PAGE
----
LONDON (Reuters) - Heavily indebted and politically fractious Italy has moved back into the crosshairs of financial market investors this week, but some funds may be cautious about doubling down on bearish bets that have failed to pay off so far this year.
Bonds and shares in the euro zone’s third largest member looked set for a slump at the end of 2016 as one of its biggest banks headed for a bailout and its prime minister resigned after a referendum defeat.
It has been a bumpy road, but the Milan stock exchange has gained over 10 percent in 2017 so far and Italian government bonds have held ground with benchmark German peers.
When former Prime Minister Silvio Berlusconi refloated his long-standing proposal for a parallel currency in Italy on Saturday, big international banks circulated it to their clients as a reminder of the risks that remain in a country that has the clout to destroy the whole euro zone project.
Below are the most common concerns raised about Italy among financial market professionals and the different ways of interpreting them.
1. The debt mountain
Investors always worry about unpredictable ‘black swan’ events that can wreak havoc across markets. But with sky high debts and low growth, Italy ranks with the likes of China as a ‘grey rhino’ - a clear and present danger - according to Michele Wucker, an analyst who coined the term.
UniCredit’s global chief economist Erik Nielsen argues that debt sustainability fears in the euro zone’s third largest economy are overblown, however, and that levels should stay stable even with a moderate rise in interest rates.
“Growth of 1-1.5 percent is not impressive, but it’s enough to put the debt sustainability fears to bed” he said.
2. Fiscal wiggle room
Italy has done fairly well in holding down its budget deficit and as long as it maintains this trend, it should be able to keep repaying its debt on time.
But Eric Lascelles, chief economist at RBC Global Asset Management, questions if this can last, with a rapidly ageing population set to turn from taxpayers into pension takers.
“From a debt sustainability perspective, its demographics are truly atrocious over the next 30 years,” said Lascelles.
3. Tackling the banks
Another factor adding pressure to the public purse is the growing list of banks that need help. A series of state-led capital injections have been added to the rescue plan for Monte dei Paschi recently approved by the European Union.
Italian lenders are still saddled with around 300 billion euros ($354 billion) of bad loans, hurting their already weak profitability and crimping their ability to lend more. But UniCredit’s Nielsen says there is now a clear downtrend in bad loans, and taken in the context of weaker demand for credit in Italy because of its lower growth, lending levels are consistent with European peers.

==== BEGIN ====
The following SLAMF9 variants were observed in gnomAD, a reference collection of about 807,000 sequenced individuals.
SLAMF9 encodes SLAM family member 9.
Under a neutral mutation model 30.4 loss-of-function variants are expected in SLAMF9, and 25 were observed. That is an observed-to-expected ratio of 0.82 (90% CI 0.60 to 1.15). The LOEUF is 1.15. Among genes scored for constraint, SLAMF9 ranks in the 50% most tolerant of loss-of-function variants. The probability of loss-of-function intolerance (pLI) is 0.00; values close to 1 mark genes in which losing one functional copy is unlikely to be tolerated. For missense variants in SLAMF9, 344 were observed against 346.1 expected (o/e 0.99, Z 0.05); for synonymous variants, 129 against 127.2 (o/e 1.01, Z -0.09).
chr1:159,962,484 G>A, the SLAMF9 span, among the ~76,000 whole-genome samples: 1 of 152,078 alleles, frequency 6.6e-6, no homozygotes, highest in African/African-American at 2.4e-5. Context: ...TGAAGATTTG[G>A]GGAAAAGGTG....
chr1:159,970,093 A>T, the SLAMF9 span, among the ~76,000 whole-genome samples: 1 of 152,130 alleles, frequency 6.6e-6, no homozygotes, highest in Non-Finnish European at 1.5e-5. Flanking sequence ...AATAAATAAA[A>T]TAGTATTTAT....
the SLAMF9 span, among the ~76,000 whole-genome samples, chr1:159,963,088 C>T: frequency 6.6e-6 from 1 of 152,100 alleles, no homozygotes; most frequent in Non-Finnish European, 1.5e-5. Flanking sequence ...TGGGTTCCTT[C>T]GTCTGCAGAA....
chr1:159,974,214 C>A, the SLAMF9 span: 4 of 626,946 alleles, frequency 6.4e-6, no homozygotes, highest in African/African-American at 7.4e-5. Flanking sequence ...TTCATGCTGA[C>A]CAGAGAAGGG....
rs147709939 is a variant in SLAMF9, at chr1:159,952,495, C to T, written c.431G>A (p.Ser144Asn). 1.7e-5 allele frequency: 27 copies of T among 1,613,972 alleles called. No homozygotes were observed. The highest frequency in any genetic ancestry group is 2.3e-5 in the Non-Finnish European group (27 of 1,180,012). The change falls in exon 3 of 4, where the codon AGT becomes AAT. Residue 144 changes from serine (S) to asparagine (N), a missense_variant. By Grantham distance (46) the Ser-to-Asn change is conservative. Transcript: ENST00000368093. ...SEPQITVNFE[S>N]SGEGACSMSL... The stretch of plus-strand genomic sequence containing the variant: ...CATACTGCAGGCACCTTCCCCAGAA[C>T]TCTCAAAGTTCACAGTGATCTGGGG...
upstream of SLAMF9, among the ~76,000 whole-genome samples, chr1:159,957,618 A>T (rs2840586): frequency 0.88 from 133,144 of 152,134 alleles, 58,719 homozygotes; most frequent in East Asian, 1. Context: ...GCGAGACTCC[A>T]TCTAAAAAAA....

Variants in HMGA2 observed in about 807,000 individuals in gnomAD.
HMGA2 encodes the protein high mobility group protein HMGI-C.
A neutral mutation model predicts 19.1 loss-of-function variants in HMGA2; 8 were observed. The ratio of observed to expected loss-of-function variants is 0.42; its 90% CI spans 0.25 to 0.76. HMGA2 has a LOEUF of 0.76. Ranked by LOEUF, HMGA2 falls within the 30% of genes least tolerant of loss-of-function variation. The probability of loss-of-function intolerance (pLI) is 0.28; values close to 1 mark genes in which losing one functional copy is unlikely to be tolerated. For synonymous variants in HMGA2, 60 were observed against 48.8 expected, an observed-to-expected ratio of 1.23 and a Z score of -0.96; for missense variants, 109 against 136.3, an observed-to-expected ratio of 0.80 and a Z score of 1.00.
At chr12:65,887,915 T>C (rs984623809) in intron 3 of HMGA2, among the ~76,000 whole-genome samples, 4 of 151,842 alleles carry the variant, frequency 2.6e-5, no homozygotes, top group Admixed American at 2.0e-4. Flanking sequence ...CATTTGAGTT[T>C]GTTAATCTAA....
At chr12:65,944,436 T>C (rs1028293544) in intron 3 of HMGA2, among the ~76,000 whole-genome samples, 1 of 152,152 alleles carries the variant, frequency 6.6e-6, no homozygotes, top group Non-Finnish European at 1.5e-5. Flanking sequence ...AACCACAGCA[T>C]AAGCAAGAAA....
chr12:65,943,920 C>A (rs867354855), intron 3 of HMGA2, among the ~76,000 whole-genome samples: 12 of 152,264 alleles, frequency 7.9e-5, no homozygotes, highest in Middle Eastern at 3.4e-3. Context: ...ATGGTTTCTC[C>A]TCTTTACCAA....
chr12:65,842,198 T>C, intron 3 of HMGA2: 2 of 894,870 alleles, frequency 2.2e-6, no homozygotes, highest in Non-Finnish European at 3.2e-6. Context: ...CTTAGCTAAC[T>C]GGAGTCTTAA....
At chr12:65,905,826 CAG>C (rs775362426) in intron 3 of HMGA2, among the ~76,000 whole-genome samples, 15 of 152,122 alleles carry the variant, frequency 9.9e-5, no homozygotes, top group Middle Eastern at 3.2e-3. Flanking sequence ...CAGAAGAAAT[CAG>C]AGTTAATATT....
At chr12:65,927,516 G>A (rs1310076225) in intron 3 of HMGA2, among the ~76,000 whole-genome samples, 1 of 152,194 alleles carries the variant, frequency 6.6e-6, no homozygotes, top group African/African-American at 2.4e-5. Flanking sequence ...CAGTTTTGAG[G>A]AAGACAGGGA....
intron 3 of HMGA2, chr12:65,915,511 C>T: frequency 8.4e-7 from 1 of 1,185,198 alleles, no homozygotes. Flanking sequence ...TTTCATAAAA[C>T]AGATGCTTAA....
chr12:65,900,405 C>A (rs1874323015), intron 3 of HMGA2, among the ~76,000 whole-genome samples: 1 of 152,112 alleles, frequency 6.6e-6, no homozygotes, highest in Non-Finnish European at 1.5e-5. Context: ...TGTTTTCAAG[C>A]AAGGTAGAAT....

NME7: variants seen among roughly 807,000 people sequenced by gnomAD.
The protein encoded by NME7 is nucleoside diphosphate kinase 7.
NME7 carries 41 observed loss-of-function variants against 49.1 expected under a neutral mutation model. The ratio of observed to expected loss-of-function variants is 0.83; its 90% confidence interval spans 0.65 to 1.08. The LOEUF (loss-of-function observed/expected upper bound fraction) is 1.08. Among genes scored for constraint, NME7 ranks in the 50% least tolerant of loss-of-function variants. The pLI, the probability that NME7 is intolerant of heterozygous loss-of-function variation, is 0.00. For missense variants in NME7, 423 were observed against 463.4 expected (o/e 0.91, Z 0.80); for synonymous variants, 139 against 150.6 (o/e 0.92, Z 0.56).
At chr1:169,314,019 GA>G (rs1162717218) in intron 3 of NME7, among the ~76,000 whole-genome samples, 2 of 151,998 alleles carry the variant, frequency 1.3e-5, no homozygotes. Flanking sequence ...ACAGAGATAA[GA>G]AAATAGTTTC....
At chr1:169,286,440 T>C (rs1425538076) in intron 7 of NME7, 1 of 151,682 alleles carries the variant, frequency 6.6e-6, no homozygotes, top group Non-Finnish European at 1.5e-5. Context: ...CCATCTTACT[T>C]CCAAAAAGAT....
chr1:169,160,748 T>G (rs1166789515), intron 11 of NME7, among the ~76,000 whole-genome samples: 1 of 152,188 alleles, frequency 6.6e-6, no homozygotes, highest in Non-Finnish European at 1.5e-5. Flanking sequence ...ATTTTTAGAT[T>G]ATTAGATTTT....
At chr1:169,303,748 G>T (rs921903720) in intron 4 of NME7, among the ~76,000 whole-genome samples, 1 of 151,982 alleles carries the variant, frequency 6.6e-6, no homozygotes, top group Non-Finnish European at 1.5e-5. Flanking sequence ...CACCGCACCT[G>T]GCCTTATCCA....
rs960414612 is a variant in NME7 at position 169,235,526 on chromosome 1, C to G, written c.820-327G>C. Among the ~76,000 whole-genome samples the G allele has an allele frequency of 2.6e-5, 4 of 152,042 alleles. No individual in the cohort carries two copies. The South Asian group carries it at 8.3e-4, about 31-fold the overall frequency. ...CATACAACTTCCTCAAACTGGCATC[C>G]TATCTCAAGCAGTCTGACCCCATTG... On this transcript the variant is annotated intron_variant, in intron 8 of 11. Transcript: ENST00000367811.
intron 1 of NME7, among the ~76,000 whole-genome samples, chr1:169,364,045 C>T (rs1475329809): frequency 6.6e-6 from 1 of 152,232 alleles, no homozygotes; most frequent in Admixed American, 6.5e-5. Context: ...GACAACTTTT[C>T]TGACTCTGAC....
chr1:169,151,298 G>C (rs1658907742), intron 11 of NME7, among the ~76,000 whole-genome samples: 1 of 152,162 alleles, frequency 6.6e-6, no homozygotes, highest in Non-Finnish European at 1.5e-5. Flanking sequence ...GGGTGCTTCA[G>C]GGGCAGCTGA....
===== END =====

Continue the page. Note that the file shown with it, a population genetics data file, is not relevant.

4. Central bank support
As the European Central Bank prepares to rein in some of its monetary stimulus, including sub-zero rates and trillions of euros of bond-buying, investors may focus more closely on Italy’s fundamental problems.
“When markets anticipate tightening monetary conditions, the most obvious place to look is at countries with relatively high debt and instability in their banking system. So it’s natural that investors would keep a close eye on Italy,” said Wucker.
The biggest hint that ECB President Mario Draghi was considering changing policy came in late June.
But the shake out in Italian bonds didn’t last long. Just weeks later the gap between Italian and German yields was at a 2017 low.
5. Political cloud
After Britain’s vote to leave the European Union and the election of anti-establishment figure Donald Trump in the United States, Europe was seemingly destined for a similar political earthquake in elections across the continent in 2017.
That hasn’t happened...yet.
The biggest investor worry - victory for far-right, anti-euro candidate Marine Le Pen in France - was averted in May. Now concern is focused on Italy, where the eurosceptic 5-star movement has gained on the ruling Democratic Party (PD) and is now ahead in some polls before elections due by May 2018.
On top of this, Berlusconi’s plans for a parallel currency could unite his Forza Italia party with others campaigning on an anti-euro platform, analysts warn, further isolating the PD.
“It is little wonder that there is periodic speculation of an Ital-exit” said Neil MacKinnon, global macro strategist at VTB Capital.
Graphics by Ritvik Carvalho; Writing by John Geddie; Editing by Mark Trevelyan